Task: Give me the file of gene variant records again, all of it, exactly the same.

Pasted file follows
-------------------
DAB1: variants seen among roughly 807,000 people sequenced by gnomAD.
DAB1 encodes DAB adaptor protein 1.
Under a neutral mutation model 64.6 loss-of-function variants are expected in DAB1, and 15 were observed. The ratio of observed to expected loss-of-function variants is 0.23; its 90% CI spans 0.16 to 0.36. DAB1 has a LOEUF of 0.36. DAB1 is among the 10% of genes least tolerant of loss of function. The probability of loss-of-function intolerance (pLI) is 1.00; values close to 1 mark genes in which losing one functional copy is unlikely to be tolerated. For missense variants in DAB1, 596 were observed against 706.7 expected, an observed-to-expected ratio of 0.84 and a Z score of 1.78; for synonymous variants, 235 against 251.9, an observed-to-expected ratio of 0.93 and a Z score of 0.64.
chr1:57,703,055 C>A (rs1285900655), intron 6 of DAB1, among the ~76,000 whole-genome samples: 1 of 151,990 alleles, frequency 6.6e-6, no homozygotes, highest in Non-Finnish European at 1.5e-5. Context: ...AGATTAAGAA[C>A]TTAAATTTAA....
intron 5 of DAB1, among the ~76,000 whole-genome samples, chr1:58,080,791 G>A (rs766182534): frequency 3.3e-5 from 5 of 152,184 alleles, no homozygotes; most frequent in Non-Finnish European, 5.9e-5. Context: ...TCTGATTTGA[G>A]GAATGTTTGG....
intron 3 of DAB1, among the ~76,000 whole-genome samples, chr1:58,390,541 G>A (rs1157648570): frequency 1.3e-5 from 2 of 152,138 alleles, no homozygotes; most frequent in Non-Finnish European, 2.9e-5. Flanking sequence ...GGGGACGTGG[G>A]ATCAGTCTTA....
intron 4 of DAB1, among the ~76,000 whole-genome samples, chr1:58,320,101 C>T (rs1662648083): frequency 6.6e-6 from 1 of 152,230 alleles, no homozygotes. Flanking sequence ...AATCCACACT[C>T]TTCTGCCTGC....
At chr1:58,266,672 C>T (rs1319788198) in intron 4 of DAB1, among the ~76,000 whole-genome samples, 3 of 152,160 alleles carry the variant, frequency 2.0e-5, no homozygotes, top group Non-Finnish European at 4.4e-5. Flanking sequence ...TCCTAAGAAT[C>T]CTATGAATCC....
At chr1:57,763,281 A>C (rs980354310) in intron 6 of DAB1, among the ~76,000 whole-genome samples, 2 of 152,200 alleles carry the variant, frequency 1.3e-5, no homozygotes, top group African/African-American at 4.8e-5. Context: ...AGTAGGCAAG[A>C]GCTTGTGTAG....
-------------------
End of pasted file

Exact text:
DAB1: variants seen among roughly 807,000 people sequenced by gnomAD.
DAB1 encodes DAB adaptor protein 1.
Under a neutral mutation model 64.6 loss-of-function variants are expected in DAB1, and 15 were observed. The ratio of observed to expected loss-of-function variants is 0.23; its 90% CI spans 0.16 to 0.36. DAB1 has a LOEUF of 0.36. DAB1 is among the 10% of genes least tolerant of loss of function. The probability of loss-of-function intolerance (pLI) is 1.00; values close to 1 mark genes in which losing one functional copy is unlikely to be tolerated. For missense variants in DAB1, 596 were observed against 706.7 expected, an observed-to-expected ratio of 0.84 and a Z score of 1.78; for synonymous variants, 235 against 251.9, an observed-to-expected ratio of 0.93 and a Z score of 0.64.
chr1:57,703,055 C>A (rs1285900655), intron 6 of DAB1, among the ~76,000 whole-genome samples: 1 of 151,990 alleles, frequency 6.6e-6, no homozygotes, highest in Non-Finnish European at 1.5e-5. Context: ...AGATTAAGAA[C>A]TTAAATTTAA....
intron 5 of DAB1, among the ~76,000 whole-genome samples, chr1:58,080,791 G>A (rs766182534): frequency 3.3e-5 from 5 of 152,184 alleles, no homozygotes; most frequent in Non-Finnish European, 5.9e-5. Context: ...TCTGATTTGA[G>A]GAATGTTTGG....
intron 3 of DAB1, among the ~76,000 whole-genome samples, chr1:58,390,541 G>A (rs1157648570): frequency 1.3e-5 from 2 of 152,138 alleles, no homozygotes; most frequent in Non-Finnish European, 2.9e-5. Flanking sequence ...GGGGACGTGG[G>A]ATCAGTCTTA....
intron 4 of DAB1, among the ~76,000 whole-genome samples, chr1:58,320,101 C>T (rs1662648083): frequency 6.6e-6 from 1 of 152,230 alleles, no homozygotes. Flanking sequence ...AATCCACACT[C>T]TTCTGCCTGC....
At chr1:58,266,672 C>T (rs1319788198) in intron 4 of DAB1, among the ~76,000 whole-genome samples, 3 of 152,160 alleles carry the variant, frequency 2.0e-5, no homozygotes, top group Non-Finnish European at 4.4e-5. Flanking sequence ...TCCTAAGAAT[C>T]CTATGAATCC....
At chr1:57,763,281 A>C (rs980354310) in intron 6 of DAB1, among the ~76,000 whole-genome samples, 2 of 152,200 alleles carry the variant, frequency 1.3e-5, no homozygotes, top group African/African-American at 4.8e-5. Context: ...AGTAGGCAAG[A>C]GCTTGTGTAG....